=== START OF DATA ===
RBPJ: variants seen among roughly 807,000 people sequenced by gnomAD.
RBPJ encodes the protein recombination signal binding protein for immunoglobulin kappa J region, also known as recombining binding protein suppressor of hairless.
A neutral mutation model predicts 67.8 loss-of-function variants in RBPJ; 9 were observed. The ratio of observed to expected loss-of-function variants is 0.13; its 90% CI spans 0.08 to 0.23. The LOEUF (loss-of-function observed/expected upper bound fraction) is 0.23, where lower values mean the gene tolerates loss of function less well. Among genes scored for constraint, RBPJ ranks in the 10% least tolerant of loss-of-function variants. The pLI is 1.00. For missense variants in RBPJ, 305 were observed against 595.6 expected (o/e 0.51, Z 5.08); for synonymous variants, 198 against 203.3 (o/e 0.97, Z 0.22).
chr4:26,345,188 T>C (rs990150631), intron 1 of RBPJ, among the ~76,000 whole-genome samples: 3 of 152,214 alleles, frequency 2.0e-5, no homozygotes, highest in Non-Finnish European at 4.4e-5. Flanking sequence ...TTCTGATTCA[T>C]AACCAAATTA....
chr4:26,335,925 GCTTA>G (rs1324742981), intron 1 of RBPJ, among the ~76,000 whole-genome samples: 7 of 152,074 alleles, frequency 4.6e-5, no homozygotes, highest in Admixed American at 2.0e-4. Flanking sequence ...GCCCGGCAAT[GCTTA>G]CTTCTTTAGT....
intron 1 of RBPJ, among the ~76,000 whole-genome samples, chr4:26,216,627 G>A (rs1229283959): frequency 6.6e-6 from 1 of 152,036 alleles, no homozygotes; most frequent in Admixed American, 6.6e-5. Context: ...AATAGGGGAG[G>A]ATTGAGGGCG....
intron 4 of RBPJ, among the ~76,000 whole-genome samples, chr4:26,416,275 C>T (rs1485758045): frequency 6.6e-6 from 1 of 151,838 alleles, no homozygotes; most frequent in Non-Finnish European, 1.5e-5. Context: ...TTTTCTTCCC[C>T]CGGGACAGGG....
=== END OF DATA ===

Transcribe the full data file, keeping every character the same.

RBPJ: variants seen among roughly 807,000 people sequenced by gnomAD.
RBPJ encodes the protein recombination signal binding protein for immunoglobulin kappa J region, also known as recombining binding protein suppressor of hairless.
A neutral mutation model predicts 67.8 loss-of-function variants in RBPJ; 9 were observed. The ratio of observed to expected loss-of-function variants is 0.13; its 90% CI spans 0.08 to 0.23. The LOEUF (loss-of-function observed/expected upper bound fraction) is 0.23, where lower values mean the gene tolerates loss of function less well. Among genes scored for constraint, RBPJ ranks in the 10% least tolerant of loss-of-function variants. The pLI is 1.00. For missense variants in RBPJ, 305 were observed against 595.6 expected (o/e 0.51, Z 5.08); for synonymous variants, 198 against 203.3 (o/e 0.97, Z 0.22).
chr4:26,345,188 T>C (rs990150631), intron 1 of RBPJ, among the ~76,000 whole-genome samples: 3 of 152,214 alleles, frequency 2.0e-5, no homozygotes, highest in Non-Finnish European at 4.4e-5. Flanking sequence ...TTCTGATTCA[T>C]AACCAAATTA....
chr4:26,335,925 GCTTA>G (rs1324742981), intron 1 of RBPJ, among the ~76,000 whole-genome samples: 7 of 152,074 alleles, frequency 4.6e-5, no homozygotes, highest in Admixed American at 2.0e-4. Flanking sequence ...GCCCGGCAAT[GCTTA>G]CTTCTTTAGT....
intron 1 of RBPJ, among the ~76,000 whole-genome samples, chr4:26,216,627 G>A (rs1229283959): frequency 6.6e-6 from 1 of 152,036 alleles, no homozygotes; most frequent in Admixed American, 6.6e-5. Context: ...AATAGGGGAG[G>A]ATTGAGGGCG....
intron 4 of RBPJ, among the ~76,000 whole-genome samples, chr4:26,416,275 C>T (rs1485758045): frequency 6.6e-6 from 1 of 151,838 alleles, no homozygotes; most frequent in Non-Finnish European, 1.5e-5. Context: ...TTTTCTTCCC[C>T]CGGGACAGGG....